Talk:Jack Straus

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Dispute over bluff credited to Stu Ungar[edit]

It seems someone's added their opinion that a fact in this article is not true. I've removed the actual statement they made from within the article but copied it over here for people to voice their thoughts. The old version:

(This bluff was credited to Stu Ungar in the biopic High Roller: The Stu Ungar Story.)

And the new:

(This bluff was credited to Stu Ungar in the biopic High Roller: The Stu Ungar Story. --Not true. A character in the movie other than Ungar made this bluff.)

Please see if you can find some facts about the issue.

I added the original comment. My memory is that Ungar was shown making the bluff but it's been some time since I've seen the film. I'll note that the bluff was depicted without assigning it to a player. Otto4711 16:50, 4 July 2006 (UTC)

hidden chip?[edit]

The unattributed story that the one chip was hidden under a napkin is highly suspect. It sounds like something invented by someone who did not understand how a player could declare all-in, get called, and still have a chip left after losing. (That would happen if the opponent had one fewer chip than Mr. Straus.)

When the hidden chip was discovered, there is no way Straus should have been allowed to keep it. In a no-limit game, it is every player's absolute obligation to keep all his chips in plain view. By keeping it hidden, inadvertently or not, he illegally denied his opponent the opportunity to put him truly all-in. The only question would have been whether to award the chip to the winner of the pot, or take it out of play. Jive Dadson 22:28, 5 April 2007 (UTC)

The incident is common knowledge witnessed by dozens of people at the time. It isn't the only time a bad ruling happened in a tournament. 2005 00:48, 6 April 2007 (UTC)
It would help if someone could name one of those dozens of people who says that's what happened. Jive Dadson 23:09, 6 April 2007 (UTC)
Just searching one way you can find hundreds of mentions of it online. Again, even if it sounds weird, it is common knowledge with tons of references to it around. 2005 00:28, 7 April 2007 (UTC)
I have no doubt that he was down to one chip. What I doubt is that the chip was hidden under a napkin. Did they really allow paper napkins on the table? The fact that the story is repeated on the internet does not convince me. Now it's repeated in Wikipedia. Does that make it true? I doubt that a tournament director would allow him to play on in that circumstance. In any case, I'm done talking about it. Jive Dadson 01:09, 10 April 2007 (UTC)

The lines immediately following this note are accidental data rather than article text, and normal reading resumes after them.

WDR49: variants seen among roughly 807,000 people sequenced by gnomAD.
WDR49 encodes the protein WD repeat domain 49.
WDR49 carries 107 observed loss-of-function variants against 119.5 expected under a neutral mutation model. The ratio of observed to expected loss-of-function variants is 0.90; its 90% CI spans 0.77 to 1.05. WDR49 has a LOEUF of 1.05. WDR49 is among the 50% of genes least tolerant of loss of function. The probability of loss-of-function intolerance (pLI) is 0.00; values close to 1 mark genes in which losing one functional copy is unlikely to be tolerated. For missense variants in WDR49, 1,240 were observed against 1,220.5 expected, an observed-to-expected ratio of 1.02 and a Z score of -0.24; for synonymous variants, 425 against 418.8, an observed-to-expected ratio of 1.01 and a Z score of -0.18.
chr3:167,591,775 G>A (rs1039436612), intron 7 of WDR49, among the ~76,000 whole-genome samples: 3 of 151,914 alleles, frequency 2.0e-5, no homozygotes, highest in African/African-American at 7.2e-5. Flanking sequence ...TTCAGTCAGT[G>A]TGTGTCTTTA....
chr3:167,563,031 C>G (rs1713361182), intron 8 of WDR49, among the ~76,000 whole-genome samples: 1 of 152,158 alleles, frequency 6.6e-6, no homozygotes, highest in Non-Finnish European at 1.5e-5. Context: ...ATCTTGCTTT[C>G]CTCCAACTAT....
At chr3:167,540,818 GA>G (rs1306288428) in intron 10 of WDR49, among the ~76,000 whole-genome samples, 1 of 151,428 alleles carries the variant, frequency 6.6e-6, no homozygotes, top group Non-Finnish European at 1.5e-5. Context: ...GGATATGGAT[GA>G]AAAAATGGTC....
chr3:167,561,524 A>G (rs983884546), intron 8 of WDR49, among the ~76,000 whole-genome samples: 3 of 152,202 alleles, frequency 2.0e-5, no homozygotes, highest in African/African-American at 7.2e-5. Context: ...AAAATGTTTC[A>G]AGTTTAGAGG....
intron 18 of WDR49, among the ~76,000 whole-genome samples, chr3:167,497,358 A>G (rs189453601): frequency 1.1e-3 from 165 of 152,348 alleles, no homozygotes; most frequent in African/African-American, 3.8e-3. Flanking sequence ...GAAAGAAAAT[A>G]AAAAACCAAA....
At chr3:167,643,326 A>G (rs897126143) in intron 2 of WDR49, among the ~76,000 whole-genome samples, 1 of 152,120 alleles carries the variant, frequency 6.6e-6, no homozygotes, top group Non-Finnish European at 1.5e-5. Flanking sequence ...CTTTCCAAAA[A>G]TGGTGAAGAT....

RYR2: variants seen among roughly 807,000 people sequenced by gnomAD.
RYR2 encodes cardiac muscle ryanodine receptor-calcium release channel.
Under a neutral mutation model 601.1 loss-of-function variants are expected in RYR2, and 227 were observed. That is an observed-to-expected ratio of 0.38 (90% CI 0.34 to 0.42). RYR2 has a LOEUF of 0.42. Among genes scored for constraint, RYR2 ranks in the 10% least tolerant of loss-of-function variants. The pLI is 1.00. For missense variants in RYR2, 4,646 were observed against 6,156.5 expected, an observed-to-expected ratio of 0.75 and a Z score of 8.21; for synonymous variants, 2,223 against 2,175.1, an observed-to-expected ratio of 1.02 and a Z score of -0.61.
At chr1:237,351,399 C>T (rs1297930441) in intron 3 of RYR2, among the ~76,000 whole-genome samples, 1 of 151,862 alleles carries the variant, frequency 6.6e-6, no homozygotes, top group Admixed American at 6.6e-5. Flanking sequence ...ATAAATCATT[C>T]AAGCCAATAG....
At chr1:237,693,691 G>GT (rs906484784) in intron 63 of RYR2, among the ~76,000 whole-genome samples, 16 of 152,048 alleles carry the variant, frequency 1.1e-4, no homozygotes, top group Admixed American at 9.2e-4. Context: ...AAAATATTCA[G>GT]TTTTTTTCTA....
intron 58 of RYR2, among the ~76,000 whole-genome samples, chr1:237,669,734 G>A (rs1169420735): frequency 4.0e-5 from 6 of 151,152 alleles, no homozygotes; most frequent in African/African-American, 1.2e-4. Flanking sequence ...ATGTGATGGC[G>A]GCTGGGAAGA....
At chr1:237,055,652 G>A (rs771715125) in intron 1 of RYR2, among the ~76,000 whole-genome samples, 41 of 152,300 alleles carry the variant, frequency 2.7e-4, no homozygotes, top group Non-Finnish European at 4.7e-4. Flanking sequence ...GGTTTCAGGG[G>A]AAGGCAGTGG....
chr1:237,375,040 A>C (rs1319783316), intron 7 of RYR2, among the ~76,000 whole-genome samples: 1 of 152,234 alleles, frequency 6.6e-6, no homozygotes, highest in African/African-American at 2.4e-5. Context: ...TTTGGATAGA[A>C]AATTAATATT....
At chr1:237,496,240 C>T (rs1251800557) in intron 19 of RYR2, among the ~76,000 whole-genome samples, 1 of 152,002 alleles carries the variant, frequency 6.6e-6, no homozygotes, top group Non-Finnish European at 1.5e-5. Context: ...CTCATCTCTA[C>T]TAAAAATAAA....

"Did they really allow paper napkins on the table?" Sure. Still do. "The fact that the story is repeated on the internet does not convince me. Now it's repeated in Wikipedia. Does that make it true?" It's true, but the criteria for the Wikipedia is attribition anyway WP:ATT, not even necessarily truth. "I doubt that a tournament director would allow him to play on in that circumstance." They did. Why do you doubt everybody? Why do think no stupid ruling has ever taken place? 2005 01:15, 10 April 2007 (UTC)
As I have heard the story told on some poker show that mentioned the "Chip and a Chair" situation, Jack apparently pushed all the chips he had in front of him that he saw as a bet. He did not say he was all in. His intention was most certainly meaning to push all in, but if he did not actually verbally say All-in, then any chips left behind that were not pushed in on the original bet were not a part of the pot itself. It would be similar to you thinking you have 50,000 in chips in front of you, but actually having a $500 chip under a napkin or whatever may be there, and you pushing the 50,000 in chips into the pot. Your bet is 50,000, you did not declare all in, so your bet would not include the inadvertedly hidden chip. For that matter, trying to put the extra $500 chip into the pot at that point would be an illegal move as it would be a "string bet", since no all-in declaration was made.--Pparazorback 04:45, 10 April 2007 (UTC)

WPT[edit]

Why does it list zero wins at WPT? Jack Straus was dead before the WPT was formed.

Well then, that would certainly mean he didn't have any wins there, right?

You're right. Better put in that he didn't win any gold medals in the 2000 Olympics either.219.89.167.136 (talk) 03:21, 30 April 2009 (UTC)

External links modified[edit]

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